5. Maintain Perspective: Life is not confined to campus life. It is important for us to engage with people and places unassociated with work. These outside experiences and perspectives have enhanced my work on campus and enriched my life more deeply.
    6. Practice Patience: Change in higher education takes time. Initially, this can seem frustrating to those of us who prefer action and results. However, I have come to appreciate the collective wisdom in carefully implementing change while preserving strong institutions and rich traditions.
    7. Share Knowledge: In the spirit of “to whom much is given, much is required” (Luke 12:48), it is important to remember to share our knowledge and experience with others, professionally and personally. Often fear, insecurity, or time constraints prevent me from sharing with others. Sharing information with others can be mutually beneficial. When I teach, I learn.
    8. Value Wisdom: In the world of student development, there is a temptation to be a peer to our students because we work in a perpetual 18-22 year old culture. However, what students need from us is mentoring from our own wisdom gained through age and experience.  Students seem to embrace this better than we do.  I appreciate when the value of intergenerational experience within our departments is encouraged.   
    9. Appreciate Colleagues: Most of us are blessed to work with other Christians who can spur us on to love and good deeds (Hebrews 10:24). However, not every professional relationship is equal; yet each relationship has purpose and meaning.  It is wise to navigate the various levels of collegial relationships and recognize our fit within each one. Then, each relationship can be fully appreciated for the varied contexts and depths they represent. 
    10. Engage Scripture: As Christians, the best thing we can do to engage in discipleship and foster spiritual growth for ourselves and our students is to emphasize God’s Word. God’s Word is powerful (Hebrews 4:12). We do not need to add to or take from it. God’s Word will do its work if we just get out of the way.  An extensive research study by Willow Creek Community Church found that “… the most effective strategy for moving people forward in their journey of faith is biblical engagement. Not just getting people into the Bible when they’re in church…but helping them engage the Bible on their own outside of church”  (Hawkins & Parkinson, 2011, p. 10).  Some of my best conversations with students, family, and friends over the years have been discussions about what we are reading and learning from Scripture.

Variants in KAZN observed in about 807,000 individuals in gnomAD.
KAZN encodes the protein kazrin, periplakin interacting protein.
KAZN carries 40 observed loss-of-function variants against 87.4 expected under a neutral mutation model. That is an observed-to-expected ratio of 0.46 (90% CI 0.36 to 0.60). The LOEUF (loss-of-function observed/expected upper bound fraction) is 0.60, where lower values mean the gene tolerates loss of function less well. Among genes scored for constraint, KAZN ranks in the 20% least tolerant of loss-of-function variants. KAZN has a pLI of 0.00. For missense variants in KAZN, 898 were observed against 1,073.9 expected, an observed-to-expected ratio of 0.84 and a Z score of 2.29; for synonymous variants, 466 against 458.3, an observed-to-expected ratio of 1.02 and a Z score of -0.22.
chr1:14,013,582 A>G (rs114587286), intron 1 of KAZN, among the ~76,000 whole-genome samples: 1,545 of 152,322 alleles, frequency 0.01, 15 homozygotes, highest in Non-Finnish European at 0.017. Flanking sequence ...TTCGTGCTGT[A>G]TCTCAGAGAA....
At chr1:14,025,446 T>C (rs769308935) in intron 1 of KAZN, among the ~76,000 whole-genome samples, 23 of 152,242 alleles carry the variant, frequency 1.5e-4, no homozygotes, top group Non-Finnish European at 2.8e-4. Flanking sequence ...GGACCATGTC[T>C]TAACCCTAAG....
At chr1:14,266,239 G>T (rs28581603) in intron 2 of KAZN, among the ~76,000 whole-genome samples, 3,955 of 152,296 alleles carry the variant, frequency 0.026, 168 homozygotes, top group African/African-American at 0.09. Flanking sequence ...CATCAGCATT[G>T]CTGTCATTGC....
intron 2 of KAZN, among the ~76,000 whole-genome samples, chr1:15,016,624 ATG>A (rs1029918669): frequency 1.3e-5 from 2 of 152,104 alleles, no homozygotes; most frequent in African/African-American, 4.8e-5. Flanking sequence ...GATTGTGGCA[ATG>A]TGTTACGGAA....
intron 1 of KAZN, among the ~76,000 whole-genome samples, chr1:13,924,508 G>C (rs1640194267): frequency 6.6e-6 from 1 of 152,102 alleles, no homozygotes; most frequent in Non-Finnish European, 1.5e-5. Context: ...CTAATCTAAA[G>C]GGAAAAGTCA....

Reflecting on the past ten years of my personal and professional life allowed me to appreciate the past and gives me hope for the future.  May the Lord continue to bless you and your work with students as you make your own discoveries. 


    Guinness, O. (1998). The call: Finding and fulfilling the central purpose of your life. Nashville, TN: W. Publishing Group.

    Hawkins, G. L., & Parkinson, C. (2011). Move: What 1,000 churches reveal about spiritual growth. Grand Rapids, MI: Zondervan.

    CC Image "Taylor Lake, Taylor University, Upland, Ind." courtesy of Jim Garringer on Flickr


    Click Here To Login and Leave a Comment